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FDA rejects petition to ban BPA in food packaging, due in part that humans seem to rid their bodies of toxicins quicker the lab rats.

Timeline: BPA from Invention to Phase-Out

Bisphenol A (BPA) is a plastics chemical invented nearly 120 years ago and currently used in enormous amounts to manufacture hard plastic water bottles and to make epoxy linings of metal food cans, like those for canned infant formula. Although its long-time use in consumer products has come with assurances of its safety from industry, studies conducted over the past 20 years now show it to be not only a ubiquitous pollutant in the human body – it contaminates nearly 93% of the population – but also a potent developmental toxin at very low doses.
The Food and Drug Administration announced Friday that it was denying a petition to ban BPA from all food and drink containers, saying the science does not show an immediate cause for such action.

However, the federal agency cautioned that this ruling does not declare bisphenol A, or BPA, as safe. The agency says it is continuing its assessment of the chemical, which is used in the lining of most canned food and drinks.

  • Exposure to BPA of human infants is from 84% to 92% less than previously estimated.
  • The level of BPA from food that could be passed from pregnant rodents to their unborn offspring is so low that it could not be measured. Researchers fed pregnant rodents 100 to 1,000 times more BPA than people are exposed to through food, and could not detect the active form of BPA in the fetus eight hours after the mother’s exposure.
  • People of all ages process and rid their bodies of BPA faster than the rodents used as test animals do.
Friday’s action comes as a response to a petition filed in 2008 by the Natural Resources Defense Council claiming that the chemical poses a serious threat to human health.
Chemical industry lobbyists praised the government decision.
“FDA’s decision today, which has taken into consideration the best available science, again confirms that BPA is safe for use in food-contact materials, as it has been approved and used safely for four decades,” said Steve Hentges, senior scientist with the American Chemistry Council.
While the chemistry council is characterizing Friday’s move as the government “closing the books” on the petition, it does not mean that the FDA has decided once and for all that BPA is safe.
BPA, a synthetic estrogen developed more than 70 years ago, came into wide use in the 1960s and 1970s to make polycarbonate plastic for such things as baby bottles. It is also used as an epoxy resin to line metal cans. BPA can be found in cellphones, dental sealants, eyeglasses, as a coating for cash register receipts and hundreds of other household items.more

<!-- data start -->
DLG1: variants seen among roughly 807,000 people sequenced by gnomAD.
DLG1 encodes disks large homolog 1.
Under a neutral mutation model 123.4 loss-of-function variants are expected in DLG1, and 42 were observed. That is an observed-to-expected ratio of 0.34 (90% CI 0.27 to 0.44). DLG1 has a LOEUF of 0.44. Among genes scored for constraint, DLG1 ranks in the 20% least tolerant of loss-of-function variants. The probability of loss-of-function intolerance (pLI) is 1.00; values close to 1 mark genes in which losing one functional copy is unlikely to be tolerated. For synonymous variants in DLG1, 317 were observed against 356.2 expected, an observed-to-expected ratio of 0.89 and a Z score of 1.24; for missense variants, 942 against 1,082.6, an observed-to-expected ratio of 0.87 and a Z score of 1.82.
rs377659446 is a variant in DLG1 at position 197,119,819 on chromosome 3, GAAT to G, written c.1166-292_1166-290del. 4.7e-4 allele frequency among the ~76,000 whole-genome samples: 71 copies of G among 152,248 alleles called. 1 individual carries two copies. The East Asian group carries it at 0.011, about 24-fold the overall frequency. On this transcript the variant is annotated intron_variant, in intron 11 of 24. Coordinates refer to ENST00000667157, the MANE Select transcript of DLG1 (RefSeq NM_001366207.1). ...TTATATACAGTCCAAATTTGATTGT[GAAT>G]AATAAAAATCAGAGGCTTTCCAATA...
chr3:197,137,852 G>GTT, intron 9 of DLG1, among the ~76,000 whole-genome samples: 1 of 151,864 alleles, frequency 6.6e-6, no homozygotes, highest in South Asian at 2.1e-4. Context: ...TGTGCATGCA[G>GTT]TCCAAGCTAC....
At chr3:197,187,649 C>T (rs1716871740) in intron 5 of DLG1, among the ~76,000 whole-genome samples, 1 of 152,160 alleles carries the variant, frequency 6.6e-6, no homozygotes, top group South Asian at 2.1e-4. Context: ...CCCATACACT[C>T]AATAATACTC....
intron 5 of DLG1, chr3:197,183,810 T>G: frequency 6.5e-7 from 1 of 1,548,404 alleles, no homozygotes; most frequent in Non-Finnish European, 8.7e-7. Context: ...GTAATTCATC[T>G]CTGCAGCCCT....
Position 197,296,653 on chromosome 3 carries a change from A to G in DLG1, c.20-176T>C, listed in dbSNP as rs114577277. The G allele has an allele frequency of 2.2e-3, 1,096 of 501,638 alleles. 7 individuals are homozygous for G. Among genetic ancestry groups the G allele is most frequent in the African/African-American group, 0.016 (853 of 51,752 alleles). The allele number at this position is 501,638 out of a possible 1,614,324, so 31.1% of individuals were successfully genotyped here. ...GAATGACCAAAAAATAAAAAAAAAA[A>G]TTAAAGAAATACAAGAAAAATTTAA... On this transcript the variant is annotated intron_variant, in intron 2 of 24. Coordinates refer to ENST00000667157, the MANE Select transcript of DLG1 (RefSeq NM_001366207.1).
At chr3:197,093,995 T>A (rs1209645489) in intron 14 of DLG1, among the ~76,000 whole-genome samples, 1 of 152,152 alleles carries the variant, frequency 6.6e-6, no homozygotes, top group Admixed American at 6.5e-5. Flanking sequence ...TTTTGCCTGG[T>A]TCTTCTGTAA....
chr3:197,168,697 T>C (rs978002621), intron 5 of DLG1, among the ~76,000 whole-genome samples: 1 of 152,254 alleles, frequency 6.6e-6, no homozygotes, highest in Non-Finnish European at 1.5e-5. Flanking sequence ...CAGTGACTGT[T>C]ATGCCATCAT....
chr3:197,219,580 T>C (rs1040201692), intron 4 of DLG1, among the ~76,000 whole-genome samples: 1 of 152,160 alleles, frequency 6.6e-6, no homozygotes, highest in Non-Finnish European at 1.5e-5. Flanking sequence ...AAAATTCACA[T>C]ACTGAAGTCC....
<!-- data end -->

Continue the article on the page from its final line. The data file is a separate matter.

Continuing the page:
Why Synthetic Estrogens Wreak

Havoc On Reproductive System

ScienceDaily (Mar. 31, 2008) — Researchers at Yale School of Medicine now have a clearer understanding of why synthetic estrogens such as those found in many widely-used plastics have a detrimental effect on a developing fetus, cause fertility problems, as well as vaginal and breast cancers.

Why Am I Fat? Four Surprising Reasons

1. Stress

While research hasn’t yet determined all the factors in the stress-weight gain feedback loop, there appears to be evidence that stress leads to weight gain — just as putting on a few pounds can lead to stress.

2. Lack of Sleep

Cutting-edge sleep researchers are learning that our round-the-clock schedules may impact our health in surprising ways. While scientists don’t yet know why, studies continue to show that those who don’t get enough deep restful sleep tend to gain weight.

3. Baby Formula

What could be wrong with baby formula? The point here has more to do with the benefits of breast-feeding during the first months of life than the demerits of any particular brand of baby formula.

4. Obesogens

Never heard of “obesogens”? That’s because it’s a scientific term for chemicals that mess with the hormones that regulate our metabolism, and cause us to gain weight. In recent years, scientists have studied all sorts of substances — they call them “endocrine-disrupting chemicals” — that our bodies mistake for hormones.
Bisphenol A
This common chemical, which is used in a variety of plastics and in the lining of food and drink cans, can leach into foods (or directly into the bodies of babies chewing on teethers or toys) and the Centers for Disease Control and Prevention has found it in about 9 of 10 Americans tested.


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